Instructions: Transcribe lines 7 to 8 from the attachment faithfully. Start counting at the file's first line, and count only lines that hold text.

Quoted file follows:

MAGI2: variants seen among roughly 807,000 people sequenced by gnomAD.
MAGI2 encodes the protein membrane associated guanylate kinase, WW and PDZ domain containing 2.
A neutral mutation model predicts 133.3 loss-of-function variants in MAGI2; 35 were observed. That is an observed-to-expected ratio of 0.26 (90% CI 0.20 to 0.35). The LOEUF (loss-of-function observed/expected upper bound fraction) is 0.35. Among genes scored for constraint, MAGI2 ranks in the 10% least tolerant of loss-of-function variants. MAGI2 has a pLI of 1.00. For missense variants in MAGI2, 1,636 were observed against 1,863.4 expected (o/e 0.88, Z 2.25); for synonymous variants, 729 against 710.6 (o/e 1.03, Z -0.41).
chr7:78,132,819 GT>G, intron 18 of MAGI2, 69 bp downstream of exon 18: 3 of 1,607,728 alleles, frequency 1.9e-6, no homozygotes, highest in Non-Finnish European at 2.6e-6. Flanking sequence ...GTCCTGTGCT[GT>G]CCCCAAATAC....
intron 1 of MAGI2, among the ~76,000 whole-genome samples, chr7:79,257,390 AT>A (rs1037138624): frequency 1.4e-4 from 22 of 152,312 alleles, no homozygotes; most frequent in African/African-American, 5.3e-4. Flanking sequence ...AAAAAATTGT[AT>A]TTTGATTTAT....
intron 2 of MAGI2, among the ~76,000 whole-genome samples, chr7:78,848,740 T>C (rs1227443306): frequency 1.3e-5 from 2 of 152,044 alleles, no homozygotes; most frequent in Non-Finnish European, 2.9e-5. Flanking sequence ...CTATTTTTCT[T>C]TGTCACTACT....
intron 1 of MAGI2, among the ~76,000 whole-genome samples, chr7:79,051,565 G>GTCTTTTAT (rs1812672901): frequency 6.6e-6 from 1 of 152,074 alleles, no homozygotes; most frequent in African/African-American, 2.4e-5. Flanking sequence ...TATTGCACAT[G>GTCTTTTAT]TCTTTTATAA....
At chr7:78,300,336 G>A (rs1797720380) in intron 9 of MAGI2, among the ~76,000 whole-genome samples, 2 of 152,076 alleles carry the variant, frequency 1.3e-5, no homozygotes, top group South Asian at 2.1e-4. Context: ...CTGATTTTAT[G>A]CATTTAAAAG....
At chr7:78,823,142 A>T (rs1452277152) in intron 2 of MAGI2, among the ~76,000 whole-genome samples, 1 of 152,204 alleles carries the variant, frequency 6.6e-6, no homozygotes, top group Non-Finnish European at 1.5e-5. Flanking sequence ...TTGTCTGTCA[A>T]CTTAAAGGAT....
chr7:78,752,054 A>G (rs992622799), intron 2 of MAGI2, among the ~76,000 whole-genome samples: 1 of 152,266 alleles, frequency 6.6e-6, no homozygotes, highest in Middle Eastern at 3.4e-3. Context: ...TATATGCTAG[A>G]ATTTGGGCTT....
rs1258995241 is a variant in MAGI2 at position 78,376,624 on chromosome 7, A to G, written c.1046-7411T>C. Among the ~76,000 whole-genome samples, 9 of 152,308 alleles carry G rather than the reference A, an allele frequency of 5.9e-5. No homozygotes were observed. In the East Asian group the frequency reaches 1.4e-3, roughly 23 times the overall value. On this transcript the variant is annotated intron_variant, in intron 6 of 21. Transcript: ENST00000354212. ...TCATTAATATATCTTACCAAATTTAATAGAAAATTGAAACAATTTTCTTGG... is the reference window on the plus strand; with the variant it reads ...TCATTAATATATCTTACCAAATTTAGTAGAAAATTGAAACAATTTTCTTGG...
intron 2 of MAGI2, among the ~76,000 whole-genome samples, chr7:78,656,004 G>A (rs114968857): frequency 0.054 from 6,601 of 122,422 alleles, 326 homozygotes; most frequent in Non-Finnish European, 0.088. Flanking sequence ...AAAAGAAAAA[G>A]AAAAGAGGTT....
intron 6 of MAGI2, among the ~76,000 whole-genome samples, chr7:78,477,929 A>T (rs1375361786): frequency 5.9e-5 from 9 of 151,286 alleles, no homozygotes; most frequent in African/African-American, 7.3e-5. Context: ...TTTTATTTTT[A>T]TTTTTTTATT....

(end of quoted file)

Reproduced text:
intron 1 of MAGI2, among the ~76,000 whole-genome samples, chr7:79,051,565 G>GTCTTTTAT (rs1812672901): frequency 6.6e-6 from 1 of 152,074 alleles, no homozygotes; most frequent in African/African-American, 2.4e-5. Flanking sequence ...TATTGCACAT[G>GTCTTTTAT]TCTTTTATAA....
At chr7:78,300,336 G>A (rs1797720380) in intron 9 of MAGI2, among the ~76,000 whole-genome samples, 2 of 152,076 alleles carry the variant, frequency 1.3e-5, no homozygotes, top group South Asian at 2.1e-4. Context: ...CTGATTTTAT[G>A]CATTTAAAAG....